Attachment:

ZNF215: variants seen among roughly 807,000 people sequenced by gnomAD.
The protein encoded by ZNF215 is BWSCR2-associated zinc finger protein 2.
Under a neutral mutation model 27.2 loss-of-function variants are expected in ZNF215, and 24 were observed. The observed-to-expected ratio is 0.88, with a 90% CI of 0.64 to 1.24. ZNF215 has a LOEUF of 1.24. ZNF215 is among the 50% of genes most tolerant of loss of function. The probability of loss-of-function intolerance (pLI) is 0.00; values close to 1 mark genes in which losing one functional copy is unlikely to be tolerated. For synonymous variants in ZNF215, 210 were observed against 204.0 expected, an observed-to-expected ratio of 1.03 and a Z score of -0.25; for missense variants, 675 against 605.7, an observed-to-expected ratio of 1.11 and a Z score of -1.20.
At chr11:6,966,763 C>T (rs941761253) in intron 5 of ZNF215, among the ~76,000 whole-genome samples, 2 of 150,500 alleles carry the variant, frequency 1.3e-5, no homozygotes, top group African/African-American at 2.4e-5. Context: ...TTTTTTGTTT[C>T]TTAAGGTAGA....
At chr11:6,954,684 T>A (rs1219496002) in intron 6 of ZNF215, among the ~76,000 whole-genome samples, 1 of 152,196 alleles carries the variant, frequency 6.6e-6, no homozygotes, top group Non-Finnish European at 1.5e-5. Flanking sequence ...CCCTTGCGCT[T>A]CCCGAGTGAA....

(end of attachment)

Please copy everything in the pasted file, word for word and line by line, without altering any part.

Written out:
ZNF215: variants seen among roughly 807,000 people sequenced by gnomAD.
The protein encoded by ZNF215 is BWSCR2-associated zinc finger protein 2.
Under a neutral mutation model 27.2 loss-of-function variants are expected in ZNF215, and 24 were observed. The observed-to-expected ratio is 0.88, with a 90% CI of 0.64 to 1.24. ZNF215 has a LOEUF of 1.24. ZNF215 is among the 50% of genes most tolerant of loss of function. The probability of loss-of-function intolerance (pLI) is 0.00; values close to 1 mark genes in which losing one functional copy is unlikely to be tolerated. For synonymous variants in ZNF215, 210 were observed against 204.0 expected, an observed-to-expected ratio of 1.03 and a Z score of -0.25; for missense variants, 675 against 605.7, an observed-to-expected ratio of 1.11 and a Z score of -1.20.
At chr11:6,966,763 C>T (rs941761253) in intron 5 of ZNF215, among the ~76,000 whole-genome samples, 2 of 150,500 alleles carry the variant, frequency 1.3e-5, no homozygotes, top group African/African-American at 2.4e-5. Context: ...TTTTTTGTTT[C>T]TTAAGGTAGA....
At chr11:6,954,684 T>A (rs1219496002) in intron 6 of ZNF215, among the ~76,000 whole-genome samples, 1 of 152,196 alleles carries the variant, frequency 6.6e-6, no homozygotes, top group Non-Finnish European at 1.5e-5. Flanking sequence ...CCCTTGCGCT[T>A]CCCGAGTGAA....